Oklahoma Sooners: Terrell Burt

Spring ball kicked off in the Big 12 over the weekend, as Baylor, TCU and West Virginia all had their first practices. This week, most of the other Big 12 schools will join them.

With spring practice off and rolling, plenty of questions surround the league’s programs. And while many of those won’t be fully answered until the season begins in the fall, here are some of the biggest ones Baylor, Kansas, Kansas State, Iowa State and Oklahoma will face this spring:

How will Baylor replenish its secondary?

[+] EnlargeQuarterback Bryce Petty #14 of the Baylor Bears
Ronald Martinez/Getty Images Bryce Petty is back so Baylor's offense should be in good shape. Its defense, however, has some question marks heading into the spring.
The Bears won their first Big 12 championship last season, thanks in part to a secondary that ranked second in the league in pass defense. Safety Terrell Burt, however, is the only returning starter from that defensive backfield, meaning rebuilding the secondary will be priority No. 1 for the Bears this spring. But as if that job wasn’t going to be challenging enough, both Burt and juco cornerback Chris Sanders, who is supposed to vie for a starting role, will miss the spring following shoulder surgeries. With QB Bryce Petty back, the Bears figure to be formidable again offensively in 2014. But to defend its Big 12 title, Baylor will need several inexperienced players to begin emerging in the secondary this spring.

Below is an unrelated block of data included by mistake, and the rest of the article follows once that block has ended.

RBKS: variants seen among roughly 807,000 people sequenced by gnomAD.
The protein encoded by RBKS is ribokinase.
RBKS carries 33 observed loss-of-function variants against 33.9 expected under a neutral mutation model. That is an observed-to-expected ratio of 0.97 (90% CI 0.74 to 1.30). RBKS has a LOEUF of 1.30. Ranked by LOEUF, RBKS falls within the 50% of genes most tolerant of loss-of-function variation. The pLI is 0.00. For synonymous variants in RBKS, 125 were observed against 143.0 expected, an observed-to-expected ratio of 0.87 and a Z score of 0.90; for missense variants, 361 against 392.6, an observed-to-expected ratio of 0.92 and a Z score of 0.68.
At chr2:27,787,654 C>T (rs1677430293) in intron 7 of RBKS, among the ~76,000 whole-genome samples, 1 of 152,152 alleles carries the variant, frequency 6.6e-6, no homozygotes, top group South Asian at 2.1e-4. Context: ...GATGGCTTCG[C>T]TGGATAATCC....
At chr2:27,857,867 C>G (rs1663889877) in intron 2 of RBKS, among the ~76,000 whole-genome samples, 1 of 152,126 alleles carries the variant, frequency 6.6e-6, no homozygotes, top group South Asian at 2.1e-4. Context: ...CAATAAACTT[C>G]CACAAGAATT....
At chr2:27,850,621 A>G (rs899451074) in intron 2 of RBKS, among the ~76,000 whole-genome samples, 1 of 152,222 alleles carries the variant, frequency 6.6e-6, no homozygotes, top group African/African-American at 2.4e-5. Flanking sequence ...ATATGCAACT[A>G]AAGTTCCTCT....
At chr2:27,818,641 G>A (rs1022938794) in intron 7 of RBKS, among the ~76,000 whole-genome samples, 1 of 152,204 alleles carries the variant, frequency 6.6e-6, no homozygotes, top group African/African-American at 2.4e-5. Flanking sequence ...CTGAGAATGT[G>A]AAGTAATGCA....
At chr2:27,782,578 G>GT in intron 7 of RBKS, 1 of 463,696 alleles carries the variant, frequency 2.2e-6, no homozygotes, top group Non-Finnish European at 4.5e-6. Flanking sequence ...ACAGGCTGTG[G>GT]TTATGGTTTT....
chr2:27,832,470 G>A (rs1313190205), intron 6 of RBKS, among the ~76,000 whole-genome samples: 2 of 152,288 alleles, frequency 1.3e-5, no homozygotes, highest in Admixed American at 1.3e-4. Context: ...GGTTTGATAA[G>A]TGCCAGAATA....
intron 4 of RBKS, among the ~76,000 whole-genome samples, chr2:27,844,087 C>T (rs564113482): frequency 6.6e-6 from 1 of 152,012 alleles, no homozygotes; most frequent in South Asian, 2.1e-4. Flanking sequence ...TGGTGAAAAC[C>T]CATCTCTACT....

Can Mangino turn Iowa State’s offense around?

As a big part of their disappointing 3-9 record last season, the Cyclones ranked ahead of only Kansas in Big 12 scoring offense. As a result, Paul Rhoads fired offensive coordinator Courtney Messingham and brought in Mark Mangino to revive the Iowa State attack. Mangino was offensive coordinator during Oklahoma’s national championship season, and he took Kansas to the Orange Bowl. His track record as an offensive mind is not in dispute. But can he turn around an offense that hasn’t ranked higher than ninth in the Big 12 in scoring since 2005? Mangino will have some pieces to work with. Wideout Quenton Bundrage, running back Aaron Wimberly and quarterback Grant Rohach all had moments in 2013. Whether Mangino can put them in position to produce a lot more of those moments will go a long way in determining if Iowa State can bounce back.